An outline of the process has been confirmed now by DfE and can be found here. We are still waiting for the awarding organisations’ subject-specific guidance, exemplars and other assessment materials. Until that guidance is available, members should continue to focus on teaching and learning, and should not be under pressure to begin collecting evidence or making grading decisions. However, as the policy decisions have now been confirmed by Government, and the technical requirements confirmed by Ofqual, members should begin to hold conversations in order to make sure there will be sufficient time available for the work that will need to be done.
The following outlines the definite parts of the process that we know and the things that should be considered at this stage:
Agree internal process
Each school and college will need to agree the process that will be used in each subject to give grades (including the types of evidence used, the internal quality assurance and how grade judgements will be objective).
Leaders and heads of department should consider, from the outset and as a part of agreeing the process, how teachers will be freed up to engage with this at times during the Summer term when key tasks, such as setting and marking evidence of student performance, need to be completed.
Once the process is decided, teachers will need to collect and consider the agreed evidence of student performance in order to give a grade. Further specific information about the types of evidence and guidance on how to come to a grade is expected from exam boards as soon as possible and we continue to push them for this.
Any assessments or pieces of evidence considered must only be on topics the student has covered. You should agree upfront which topics will be assessed as a part of a subject’s process.
Any additional tasks needed to gather evidence – such as the setting or marking of exam-style questions/papers and coursework or other pieces of work - should be given time which is planned in advance, as a part of the agreed process.
Suggest a grade for each student
Once the agreed evidence of student performance is gathered, teachers must be allowed time to balance this evidence and come to their holistic grade judgements (with support from the grade descriptors, mark schemes and guidance to follow from boards).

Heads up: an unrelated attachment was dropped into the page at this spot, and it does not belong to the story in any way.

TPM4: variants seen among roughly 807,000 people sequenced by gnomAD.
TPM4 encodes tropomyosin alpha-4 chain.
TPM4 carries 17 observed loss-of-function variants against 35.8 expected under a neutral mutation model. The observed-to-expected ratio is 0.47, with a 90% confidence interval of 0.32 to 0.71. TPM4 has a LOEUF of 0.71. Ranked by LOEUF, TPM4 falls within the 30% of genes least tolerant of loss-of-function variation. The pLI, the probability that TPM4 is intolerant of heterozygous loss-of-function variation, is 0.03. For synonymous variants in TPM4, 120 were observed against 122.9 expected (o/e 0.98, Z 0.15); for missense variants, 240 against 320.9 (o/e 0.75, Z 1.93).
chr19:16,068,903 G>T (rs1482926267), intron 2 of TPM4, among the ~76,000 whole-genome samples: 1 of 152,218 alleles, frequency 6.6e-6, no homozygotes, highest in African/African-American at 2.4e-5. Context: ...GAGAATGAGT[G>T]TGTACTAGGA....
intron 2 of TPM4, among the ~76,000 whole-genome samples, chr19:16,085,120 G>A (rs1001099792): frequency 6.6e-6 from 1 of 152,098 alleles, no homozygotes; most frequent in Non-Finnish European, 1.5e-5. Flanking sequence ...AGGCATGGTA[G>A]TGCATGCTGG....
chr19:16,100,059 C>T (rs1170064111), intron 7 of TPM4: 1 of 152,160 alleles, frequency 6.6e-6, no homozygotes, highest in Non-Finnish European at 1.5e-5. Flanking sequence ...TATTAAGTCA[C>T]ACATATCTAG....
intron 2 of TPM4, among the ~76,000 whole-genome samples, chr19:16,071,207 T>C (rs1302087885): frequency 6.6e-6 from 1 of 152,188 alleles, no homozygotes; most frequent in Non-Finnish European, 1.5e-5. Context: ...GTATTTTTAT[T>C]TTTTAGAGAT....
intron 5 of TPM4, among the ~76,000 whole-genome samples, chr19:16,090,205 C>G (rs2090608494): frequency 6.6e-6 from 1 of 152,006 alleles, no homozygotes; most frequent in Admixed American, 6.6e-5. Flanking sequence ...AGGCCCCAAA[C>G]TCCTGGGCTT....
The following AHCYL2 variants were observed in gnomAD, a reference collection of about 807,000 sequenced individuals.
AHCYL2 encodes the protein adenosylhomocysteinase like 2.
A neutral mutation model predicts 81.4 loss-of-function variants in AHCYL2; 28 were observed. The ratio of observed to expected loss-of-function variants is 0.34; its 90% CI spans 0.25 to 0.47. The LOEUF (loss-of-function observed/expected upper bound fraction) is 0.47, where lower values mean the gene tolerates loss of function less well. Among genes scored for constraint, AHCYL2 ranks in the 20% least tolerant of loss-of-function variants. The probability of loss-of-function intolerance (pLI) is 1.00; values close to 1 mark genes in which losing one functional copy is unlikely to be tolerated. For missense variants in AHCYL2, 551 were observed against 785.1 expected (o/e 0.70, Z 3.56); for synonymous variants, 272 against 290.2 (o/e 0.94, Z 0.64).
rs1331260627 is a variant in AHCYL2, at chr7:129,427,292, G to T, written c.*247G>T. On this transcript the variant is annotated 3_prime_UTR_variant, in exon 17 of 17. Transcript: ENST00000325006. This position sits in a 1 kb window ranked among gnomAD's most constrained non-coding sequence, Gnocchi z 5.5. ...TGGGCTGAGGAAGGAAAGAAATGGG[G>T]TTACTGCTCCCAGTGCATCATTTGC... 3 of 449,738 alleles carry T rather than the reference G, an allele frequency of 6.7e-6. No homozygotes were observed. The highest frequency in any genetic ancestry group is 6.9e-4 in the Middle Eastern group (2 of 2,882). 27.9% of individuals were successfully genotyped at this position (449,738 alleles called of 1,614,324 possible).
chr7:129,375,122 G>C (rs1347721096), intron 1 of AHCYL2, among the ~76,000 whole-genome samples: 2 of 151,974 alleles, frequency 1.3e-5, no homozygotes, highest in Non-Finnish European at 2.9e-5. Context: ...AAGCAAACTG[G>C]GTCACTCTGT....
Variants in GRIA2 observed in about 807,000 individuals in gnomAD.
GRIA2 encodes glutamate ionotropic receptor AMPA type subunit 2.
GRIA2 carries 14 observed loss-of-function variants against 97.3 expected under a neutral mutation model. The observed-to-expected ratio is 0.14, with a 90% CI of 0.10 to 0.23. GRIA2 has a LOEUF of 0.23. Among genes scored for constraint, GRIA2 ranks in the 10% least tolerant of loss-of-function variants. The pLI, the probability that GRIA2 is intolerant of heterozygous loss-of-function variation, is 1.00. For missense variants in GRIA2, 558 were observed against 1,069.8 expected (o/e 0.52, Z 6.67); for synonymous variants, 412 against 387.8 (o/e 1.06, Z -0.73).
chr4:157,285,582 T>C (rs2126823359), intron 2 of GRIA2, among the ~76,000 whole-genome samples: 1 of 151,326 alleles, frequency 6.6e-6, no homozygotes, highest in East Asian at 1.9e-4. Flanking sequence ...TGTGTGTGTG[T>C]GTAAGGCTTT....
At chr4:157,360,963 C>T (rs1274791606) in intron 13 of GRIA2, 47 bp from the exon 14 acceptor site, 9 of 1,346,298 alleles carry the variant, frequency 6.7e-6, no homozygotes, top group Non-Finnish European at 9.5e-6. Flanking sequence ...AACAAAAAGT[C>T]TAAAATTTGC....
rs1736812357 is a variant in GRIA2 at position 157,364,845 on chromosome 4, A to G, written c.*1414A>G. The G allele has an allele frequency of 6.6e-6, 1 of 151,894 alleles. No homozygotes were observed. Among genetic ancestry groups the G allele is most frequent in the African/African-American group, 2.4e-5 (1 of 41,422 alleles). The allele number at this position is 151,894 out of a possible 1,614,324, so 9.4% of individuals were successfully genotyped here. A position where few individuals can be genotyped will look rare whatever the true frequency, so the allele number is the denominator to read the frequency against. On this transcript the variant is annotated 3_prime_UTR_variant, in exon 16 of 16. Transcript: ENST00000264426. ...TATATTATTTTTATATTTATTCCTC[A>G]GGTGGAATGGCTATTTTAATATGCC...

Discuss grades internally
Each school and college will then need to internally quality assure their grades. Specific guidance and expectations around this will follow from boards but this will include discussing the evidence across class groups and students to confirm there is consistency about what was used and how it was used.
Heads of Department/Centre may also look at wider ranges of information in order to ensure they meet the exam board’s requirements for internal quality assurance.
Submit grades to boards
After the internal quality assurance is complete and the Head of Centre has signed off a department’s grades they can then be sent to exam boards. Final grades must be submitted by 18 June.
External quality assurance
Exam boards will carry out their own quality assurance on the grades, some of which may take place before grades are submitted (for example signing off a school or college’s internal quality assurance and sampling the evidence of student performance a school or college is using).
Students receive grades
Once exam boards have completed their external quality assurance and approve the grades they will then be awarded to students on results days – which this year are 10 August for AS and A-level students and 12 August for GCSEs. These arrangements also apply to VTQs such as BTECs and Cam Techs.
Timelines for each stage of the process are yet to be confirmed but it is likely that a lot of the work for teachers will be in the first half of the summer term. A centre’s final grades, after internal quality assurance and head of centre sign off, must be submitted to boards by 18 June.
The earlier you plan as a whole school or college, the more likely you are to avoid excessive workload. Your timetable for the summer term should already include sufficient time to undertake this duty.
Work together to map out the time that you will need to prepare, gather, mark and judge evidence of student performance, as well as then being involved in the internal quality assurance.
Be as specific as possible, both in the amount of time you will need, and the dates by which the work needs to be done.
Make sure you are following the Ofqual and awarding organisation guidance, and that you are not doing more than is required.
Agree this plan with your head of department and head of centre.
Agree amongst members in your school and college and with leadership/heads of department what tasks you might normally do within directed time that can be postponed around peak points for the grading process.
Some suggestions might include:
- A break in assessing and marking other work or books from other year groups
- Parents evenings not being planned in the weeks when aspects of the grading process are taking place
- No requirement to attend staff meetings or assemblies
- No requirement for additional duties at the beginning and end of the day
However, it may be a better use of time to find ways to free up larger blocks of time, by extending planned PPA time for example. It may well be that your school or college needs to employ additional staff, for example supply teachers, to free up time for this important work. You may wish to explore with the SLT whether there will be entry fee rebates from the exam boards, or other ways of releasing additional budget.